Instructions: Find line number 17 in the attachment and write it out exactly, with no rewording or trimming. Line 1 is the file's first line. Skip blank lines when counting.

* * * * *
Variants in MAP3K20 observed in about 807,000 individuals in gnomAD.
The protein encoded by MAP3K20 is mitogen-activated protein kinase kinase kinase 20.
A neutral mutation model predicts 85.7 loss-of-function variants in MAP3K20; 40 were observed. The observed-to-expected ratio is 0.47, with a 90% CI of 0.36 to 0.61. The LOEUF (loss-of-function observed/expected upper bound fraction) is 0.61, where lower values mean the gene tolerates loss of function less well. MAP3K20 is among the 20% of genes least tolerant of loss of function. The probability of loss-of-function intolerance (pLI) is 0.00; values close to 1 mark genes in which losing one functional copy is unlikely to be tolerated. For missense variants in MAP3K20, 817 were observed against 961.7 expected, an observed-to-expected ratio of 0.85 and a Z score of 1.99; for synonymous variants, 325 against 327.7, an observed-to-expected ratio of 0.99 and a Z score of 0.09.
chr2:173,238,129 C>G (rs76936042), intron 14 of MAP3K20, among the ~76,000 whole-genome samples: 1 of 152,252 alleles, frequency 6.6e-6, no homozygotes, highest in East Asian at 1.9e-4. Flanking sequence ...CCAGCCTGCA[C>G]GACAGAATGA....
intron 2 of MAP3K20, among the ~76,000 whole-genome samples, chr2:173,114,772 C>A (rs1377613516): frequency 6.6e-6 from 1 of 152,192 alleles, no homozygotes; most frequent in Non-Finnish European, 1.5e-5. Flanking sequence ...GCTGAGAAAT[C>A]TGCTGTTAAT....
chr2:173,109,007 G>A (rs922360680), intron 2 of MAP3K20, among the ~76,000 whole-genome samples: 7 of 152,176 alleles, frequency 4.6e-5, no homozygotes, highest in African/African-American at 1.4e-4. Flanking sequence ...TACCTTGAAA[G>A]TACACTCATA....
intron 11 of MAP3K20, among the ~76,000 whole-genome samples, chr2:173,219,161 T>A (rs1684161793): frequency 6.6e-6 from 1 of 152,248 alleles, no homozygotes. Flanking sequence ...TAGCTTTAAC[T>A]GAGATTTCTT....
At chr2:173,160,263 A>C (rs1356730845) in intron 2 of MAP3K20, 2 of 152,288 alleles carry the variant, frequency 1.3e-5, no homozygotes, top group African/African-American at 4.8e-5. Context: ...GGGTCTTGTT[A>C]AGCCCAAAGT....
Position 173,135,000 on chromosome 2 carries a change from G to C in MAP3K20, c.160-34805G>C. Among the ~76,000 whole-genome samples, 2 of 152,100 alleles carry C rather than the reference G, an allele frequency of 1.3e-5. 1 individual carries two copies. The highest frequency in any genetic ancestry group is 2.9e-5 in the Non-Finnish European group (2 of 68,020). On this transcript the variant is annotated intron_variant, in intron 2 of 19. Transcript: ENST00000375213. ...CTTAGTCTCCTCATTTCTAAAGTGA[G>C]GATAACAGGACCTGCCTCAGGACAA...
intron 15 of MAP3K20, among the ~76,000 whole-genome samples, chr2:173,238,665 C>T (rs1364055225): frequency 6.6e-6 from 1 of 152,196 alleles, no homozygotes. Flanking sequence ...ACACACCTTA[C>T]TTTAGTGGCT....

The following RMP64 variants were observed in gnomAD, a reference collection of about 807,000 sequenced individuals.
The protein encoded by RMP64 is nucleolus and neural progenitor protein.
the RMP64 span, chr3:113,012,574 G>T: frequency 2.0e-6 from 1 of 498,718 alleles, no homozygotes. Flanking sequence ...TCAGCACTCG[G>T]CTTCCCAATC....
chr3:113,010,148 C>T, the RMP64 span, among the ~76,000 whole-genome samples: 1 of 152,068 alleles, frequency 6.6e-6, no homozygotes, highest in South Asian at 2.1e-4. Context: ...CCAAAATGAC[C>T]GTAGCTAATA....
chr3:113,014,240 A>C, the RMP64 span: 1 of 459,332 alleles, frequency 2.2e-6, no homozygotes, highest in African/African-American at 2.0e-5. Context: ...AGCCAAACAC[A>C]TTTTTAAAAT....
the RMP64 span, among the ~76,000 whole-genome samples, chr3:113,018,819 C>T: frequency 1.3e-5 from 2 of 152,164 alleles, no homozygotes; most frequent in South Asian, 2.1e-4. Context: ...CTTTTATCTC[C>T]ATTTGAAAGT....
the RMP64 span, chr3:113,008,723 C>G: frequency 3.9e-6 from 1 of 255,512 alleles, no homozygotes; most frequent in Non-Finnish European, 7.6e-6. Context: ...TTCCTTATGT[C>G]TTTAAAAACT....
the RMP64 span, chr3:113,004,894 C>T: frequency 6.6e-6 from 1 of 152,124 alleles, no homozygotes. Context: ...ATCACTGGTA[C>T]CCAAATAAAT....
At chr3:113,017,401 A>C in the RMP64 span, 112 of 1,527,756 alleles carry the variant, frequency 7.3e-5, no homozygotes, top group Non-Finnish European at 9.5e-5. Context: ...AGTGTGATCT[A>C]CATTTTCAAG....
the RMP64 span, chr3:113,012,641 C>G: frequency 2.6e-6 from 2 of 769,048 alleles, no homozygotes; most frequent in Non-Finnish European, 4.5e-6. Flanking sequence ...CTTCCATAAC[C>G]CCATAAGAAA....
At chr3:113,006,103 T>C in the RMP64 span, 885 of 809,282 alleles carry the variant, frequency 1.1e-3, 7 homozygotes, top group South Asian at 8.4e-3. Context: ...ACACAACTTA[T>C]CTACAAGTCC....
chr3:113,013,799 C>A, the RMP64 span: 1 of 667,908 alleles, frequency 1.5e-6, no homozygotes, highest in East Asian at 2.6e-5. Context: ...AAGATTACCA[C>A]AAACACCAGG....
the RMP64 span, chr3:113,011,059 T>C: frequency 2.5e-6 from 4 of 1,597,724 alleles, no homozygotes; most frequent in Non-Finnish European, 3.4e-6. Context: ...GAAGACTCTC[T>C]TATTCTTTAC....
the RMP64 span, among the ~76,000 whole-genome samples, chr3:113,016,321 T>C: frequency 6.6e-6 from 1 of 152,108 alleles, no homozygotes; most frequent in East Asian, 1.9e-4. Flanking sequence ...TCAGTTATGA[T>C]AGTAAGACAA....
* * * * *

the RMP64 span, chr3:113,008,723 C>G: frequency 3.9e-6 from 1 of 255,512 alleles, no homozygotes; most frequent in Non-Finnish European, 7.6e-6. Context: ...TTCCTTATGT[C>G]TTTAAAAACT....